The government has announced that the ban on evictions, which was due to end on 23rd August, is to be extended by four weeks, pushing it back to 20th September in England and Wales.

Earlier this year the government passed the Coronavirus Act, which among other things, made it illegal for landlords to evict renters for a specified amount of time.

This meant that irrespective of the type of tenancy, or what kind of notice was served, or for whatever reason, all notice periods for evictions were extended to a minimum of three months.

The Housing Secretary Robert Jenrick has now increased the notice period landlords must give tenants to six months in England.

The only exceptions to this are cases involving anti-social behaviour or domestic abuse.

In Wales, notice periods had already been increased to six months for notices issued on or after 24th July 2020.

In Scotland, tenants are protected from eviction action until 30th September 2020 where a landlord has issued a notice on or after 7th April 2020.

What happens if a tenant is struggling to pay the rent?

The best thing for tenants to do is speak with their landlords as soon as possible to explain their situation and attempt to set up a feasible plan.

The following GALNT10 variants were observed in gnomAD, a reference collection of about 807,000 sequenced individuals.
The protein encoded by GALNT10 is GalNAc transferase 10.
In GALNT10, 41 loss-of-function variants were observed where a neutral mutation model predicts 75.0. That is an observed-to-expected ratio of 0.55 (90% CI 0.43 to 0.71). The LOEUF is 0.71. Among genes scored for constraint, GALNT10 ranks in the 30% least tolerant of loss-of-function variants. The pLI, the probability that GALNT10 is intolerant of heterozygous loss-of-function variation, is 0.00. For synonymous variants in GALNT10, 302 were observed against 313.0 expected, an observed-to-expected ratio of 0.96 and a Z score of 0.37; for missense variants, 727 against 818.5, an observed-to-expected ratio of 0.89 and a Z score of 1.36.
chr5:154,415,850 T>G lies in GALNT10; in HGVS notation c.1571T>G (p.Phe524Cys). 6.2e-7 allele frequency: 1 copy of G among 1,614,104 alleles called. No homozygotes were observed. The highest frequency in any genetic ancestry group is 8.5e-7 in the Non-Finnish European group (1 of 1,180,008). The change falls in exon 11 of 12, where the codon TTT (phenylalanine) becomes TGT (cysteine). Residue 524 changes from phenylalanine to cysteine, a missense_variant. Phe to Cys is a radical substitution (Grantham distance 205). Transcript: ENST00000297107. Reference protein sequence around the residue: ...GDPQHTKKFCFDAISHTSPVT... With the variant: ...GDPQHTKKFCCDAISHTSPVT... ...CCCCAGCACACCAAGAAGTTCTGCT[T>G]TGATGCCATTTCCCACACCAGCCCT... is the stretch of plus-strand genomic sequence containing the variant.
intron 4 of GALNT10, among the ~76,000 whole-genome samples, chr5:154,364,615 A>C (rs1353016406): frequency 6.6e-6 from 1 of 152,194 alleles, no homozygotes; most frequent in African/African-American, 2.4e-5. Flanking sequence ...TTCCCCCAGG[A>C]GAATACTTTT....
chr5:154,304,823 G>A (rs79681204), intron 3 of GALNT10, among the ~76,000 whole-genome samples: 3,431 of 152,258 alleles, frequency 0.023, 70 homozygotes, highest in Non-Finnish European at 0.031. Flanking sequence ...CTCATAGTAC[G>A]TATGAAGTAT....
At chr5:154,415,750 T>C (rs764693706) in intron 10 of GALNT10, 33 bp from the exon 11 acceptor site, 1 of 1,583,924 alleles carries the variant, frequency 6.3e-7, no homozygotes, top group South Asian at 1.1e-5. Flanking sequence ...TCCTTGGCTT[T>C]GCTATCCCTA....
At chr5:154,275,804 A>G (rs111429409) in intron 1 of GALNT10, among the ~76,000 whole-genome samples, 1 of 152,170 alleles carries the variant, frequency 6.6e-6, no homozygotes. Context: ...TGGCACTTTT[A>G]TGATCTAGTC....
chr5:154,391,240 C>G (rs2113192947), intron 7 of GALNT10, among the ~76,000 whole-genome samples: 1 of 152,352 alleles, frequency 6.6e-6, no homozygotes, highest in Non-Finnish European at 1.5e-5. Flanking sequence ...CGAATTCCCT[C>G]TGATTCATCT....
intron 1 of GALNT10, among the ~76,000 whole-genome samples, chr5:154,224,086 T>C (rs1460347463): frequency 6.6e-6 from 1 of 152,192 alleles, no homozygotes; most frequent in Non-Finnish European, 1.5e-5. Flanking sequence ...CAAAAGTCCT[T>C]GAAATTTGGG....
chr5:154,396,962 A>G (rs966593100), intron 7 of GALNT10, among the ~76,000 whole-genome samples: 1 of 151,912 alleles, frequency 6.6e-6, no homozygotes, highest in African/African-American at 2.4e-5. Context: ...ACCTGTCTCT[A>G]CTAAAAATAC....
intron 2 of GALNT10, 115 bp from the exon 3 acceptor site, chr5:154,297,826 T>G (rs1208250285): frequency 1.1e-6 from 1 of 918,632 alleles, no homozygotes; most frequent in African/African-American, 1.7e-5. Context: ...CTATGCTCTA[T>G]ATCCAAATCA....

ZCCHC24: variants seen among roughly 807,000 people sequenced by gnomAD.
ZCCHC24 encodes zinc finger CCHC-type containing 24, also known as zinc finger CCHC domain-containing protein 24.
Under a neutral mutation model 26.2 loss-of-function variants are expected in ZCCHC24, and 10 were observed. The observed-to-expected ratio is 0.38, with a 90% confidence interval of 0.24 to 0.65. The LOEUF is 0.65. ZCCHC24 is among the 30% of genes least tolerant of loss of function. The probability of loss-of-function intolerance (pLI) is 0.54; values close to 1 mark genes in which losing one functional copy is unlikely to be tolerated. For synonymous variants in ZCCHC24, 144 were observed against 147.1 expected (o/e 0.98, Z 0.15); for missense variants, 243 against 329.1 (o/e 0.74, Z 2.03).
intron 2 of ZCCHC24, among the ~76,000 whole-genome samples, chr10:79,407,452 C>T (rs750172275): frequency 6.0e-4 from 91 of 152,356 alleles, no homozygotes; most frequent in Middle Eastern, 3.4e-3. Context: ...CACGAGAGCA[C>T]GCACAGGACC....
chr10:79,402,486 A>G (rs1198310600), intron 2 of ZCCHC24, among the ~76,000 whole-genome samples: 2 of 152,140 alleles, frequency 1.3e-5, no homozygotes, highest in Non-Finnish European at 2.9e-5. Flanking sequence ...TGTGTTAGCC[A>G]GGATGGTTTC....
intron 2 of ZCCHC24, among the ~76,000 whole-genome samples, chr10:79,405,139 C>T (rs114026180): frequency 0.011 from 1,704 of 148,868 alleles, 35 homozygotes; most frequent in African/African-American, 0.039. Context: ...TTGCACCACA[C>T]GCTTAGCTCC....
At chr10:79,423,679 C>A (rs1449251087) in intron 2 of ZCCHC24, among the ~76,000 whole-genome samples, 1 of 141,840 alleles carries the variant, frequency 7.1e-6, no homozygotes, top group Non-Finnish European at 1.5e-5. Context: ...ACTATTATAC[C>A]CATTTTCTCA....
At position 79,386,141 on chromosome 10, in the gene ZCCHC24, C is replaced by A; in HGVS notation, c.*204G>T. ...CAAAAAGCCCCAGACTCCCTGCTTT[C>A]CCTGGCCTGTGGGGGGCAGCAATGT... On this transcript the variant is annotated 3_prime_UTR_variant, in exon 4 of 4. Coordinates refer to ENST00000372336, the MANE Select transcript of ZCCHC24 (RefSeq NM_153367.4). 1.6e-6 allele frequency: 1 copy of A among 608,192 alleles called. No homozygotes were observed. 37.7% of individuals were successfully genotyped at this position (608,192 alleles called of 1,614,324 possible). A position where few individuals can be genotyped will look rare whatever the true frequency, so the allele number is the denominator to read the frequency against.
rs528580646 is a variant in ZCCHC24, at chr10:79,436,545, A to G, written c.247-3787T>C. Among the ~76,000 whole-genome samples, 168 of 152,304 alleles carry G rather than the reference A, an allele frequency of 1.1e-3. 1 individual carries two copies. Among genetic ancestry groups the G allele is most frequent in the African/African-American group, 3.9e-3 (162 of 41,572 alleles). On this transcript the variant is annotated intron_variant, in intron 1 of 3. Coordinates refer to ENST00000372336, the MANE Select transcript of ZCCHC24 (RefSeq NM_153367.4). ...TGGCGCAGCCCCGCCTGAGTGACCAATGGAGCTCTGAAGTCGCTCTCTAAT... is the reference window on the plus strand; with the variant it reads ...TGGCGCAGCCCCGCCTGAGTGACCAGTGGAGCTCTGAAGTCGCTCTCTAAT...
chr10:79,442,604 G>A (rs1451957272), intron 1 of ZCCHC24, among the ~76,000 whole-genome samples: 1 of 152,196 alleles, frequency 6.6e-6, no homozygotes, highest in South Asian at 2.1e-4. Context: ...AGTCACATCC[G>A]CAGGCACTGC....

The government has said that it’s important landlords offer support and understanding to tenants who may start to see their income fluctuate.

There is no specific plan that a landlord needs to agree to, so it’s important that tenants, letting agents, and landlords work together to find solutions that will work for everyone.

If you’re a tenant, it’s also worth speaking with your local authority, as there may be help available for you.

I’m a landlord, and my tenant is causing problems. What are my options?

There simply is not a ‘one size fits all’ approach to this. Landlords are urged to, where possible, work collaboratively with their tenants to come to mutual agreements.

Whether you have an issue with rent arrears or anti-social behaviour, because there may be a backlog of eviction cases in the pipeline, it’s possible landlords will not be able to gain possession of their properties for a while.

One option is to consider mediation. Organisations such as the Property Redress Scheme and The Property Ombudsman offer mediation services between landlords and tenants to aid finding a resolution over issues which have arisen during a tenancy.

Mediation is a voluntary, impartial and confidential process, which allows disputes to be resolved much quicker and with less cost than going through courts.

READ MORE: Five easy ways to make your rental feel more homely

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